The government is getting lots of offers lately for its huge stockpile of foreclosed homes. But most of those would-be buyers are asking for deep discounts, offering just 40 to 60 percent of the list price for many homes.
The government’s response? Call us back when you’re serious.
“We are not considering any such significant discount pricing,” Freddie Mac, the taxpayer-owned company that owns 61,000 foreclosed homes across the country, said in a letter to potential homebuyers. The letter was obtained by American Banker.
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Instead of selling its homes at a deep discount, in most markets the mortgage giant is holding off until it finds buyers who offer 90 percent or more of the asking price, Freddie Mac said.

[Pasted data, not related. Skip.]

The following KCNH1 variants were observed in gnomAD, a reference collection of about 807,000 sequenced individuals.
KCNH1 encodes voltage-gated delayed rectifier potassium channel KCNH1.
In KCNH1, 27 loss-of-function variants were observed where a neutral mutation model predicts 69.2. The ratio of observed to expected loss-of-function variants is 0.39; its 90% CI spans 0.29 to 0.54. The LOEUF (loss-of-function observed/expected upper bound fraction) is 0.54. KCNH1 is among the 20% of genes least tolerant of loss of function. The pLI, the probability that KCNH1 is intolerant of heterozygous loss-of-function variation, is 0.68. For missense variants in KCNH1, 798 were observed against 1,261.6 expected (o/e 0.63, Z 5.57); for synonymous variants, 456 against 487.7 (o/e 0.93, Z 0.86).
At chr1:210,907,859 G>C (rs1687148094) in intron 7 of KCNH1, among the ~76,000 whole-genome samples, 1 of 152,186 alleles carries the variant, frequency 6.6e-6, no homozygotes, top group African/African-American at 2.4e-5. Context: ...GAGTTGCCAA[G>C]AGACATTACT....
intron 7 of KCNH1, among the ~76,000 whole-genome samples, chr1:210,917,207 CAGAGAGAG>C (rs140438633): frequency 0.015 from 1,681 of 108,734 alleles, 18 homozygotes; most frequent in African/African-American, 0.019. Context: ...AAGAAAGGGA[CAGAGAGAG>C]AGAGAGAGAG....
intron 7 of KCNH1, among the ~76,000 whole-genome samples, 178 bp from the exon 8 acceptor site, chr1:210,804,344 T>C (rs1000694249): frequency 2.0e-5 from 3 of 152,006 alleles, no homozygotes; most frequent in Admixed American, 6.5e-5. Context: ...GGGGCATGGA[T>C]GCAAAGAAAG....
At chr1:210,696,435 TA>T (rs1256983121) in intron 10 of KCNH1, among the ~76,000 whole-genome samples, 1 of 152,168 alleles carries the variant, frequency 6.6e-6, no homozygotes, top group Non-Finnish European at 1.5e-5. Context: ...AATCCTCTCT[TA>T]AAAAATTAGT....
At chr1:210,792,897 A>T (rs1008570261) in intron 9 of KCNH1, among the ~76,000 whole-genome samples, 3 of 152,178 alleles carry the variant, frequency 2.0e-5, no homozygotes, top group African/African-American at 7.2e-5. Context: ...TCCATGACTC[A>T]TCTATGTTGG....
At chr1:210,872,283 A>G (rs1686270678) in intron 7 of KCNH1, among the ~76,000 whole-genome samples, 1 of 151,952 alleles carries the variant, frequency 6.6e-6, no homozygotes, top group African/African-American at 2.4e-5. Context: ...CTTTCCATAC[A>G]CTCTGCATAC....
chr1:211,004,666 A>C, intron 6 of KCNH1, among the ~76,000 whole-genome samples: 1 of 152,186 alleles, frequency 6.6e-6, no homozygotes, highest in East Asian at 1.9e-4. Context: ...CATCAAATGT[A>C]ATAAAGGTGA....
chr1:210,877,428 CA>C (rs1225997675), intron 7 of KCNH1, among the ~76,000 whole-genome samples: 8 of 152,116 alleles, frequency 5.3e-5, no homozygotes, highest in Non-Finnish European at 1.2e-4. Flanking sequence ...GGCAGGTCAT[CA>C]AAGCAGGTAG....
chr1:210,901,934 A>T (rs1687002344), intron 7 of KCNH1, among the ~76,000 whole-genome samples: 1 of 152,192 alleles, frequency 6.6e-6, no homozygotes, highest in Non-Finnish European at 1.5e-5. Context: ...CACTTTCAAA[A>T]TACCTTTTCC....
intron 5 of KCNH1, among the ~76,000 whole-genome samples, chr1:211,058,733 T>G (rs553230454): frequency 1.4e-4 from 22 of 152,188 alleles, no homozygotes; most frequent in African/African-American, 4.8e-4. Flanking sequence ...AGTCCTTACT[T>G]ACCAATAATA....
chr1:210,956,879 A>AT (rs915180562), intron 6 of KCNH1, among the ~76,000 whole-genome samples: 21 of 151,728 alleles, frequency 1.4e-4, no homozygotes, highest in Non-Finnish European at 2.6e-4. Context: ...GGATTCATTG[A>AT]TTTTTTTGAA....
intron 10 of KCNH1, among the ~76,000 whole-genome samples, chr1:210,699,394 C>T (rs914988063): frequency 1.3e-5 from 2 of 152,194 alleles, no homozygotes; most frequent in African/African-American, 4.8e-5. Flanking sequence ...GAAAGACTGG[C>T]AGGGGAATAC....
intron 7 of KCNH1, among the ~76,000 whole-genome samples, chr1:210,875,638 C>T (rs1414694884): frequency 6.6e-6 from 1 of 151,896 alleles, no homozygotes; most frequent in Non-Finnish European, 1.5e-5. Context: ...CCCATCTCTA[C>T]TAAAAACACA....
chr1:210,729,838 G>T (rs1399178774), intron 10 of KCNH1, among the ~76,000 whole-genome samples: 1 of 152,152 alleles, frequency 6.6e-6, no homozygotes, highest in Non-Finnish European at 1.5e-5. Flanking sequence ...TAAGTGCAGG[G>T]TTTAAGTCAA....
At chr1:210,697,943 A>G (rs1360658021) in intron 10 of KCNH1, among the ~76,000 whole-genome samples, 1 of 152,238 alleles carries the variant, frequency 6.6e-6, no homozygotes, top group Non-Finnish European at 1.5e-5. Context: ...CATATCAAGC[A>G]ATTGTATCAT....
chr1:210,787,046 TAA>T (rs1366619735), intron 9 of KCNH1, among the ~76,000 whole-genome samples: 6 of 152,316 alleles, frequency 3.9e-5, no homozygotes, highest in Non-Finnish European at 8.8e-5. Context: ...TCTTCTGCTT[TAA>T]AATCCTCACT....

And the company also is being picky about whom it sells to. That includes bulk sales, usually neighboring houses or multiple condominiums in a single building. Freddie Mac refuses to bundle properties together and sell them as a unit until the buyers can prove that they already know who will be the primary purchaser, meaning the person who will end up owning the property and either living in it or renting it out.
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The main reason for this cautious sales approach? Many of Freddie Mac’s properties are concentrated together in certain neighborhoods. If the company simply starts unloading those homes at fire sale prices, it could cause radical devaluation in those areas.
In addition to the immediate problems that might cause for the neighborhood, large-scale price drops could also increase the incentive for homeowners to walk away from newly-underwater mortgages, which would simply prolong a housing crisis that already has lasted over three years.
“We are extremely mindful of the impact in our approaches to pricing and how it affects the values of neighborhoods should a discounted sale occur,” Freddie Mac said in the letter.
Image: cammom, via Flickr.com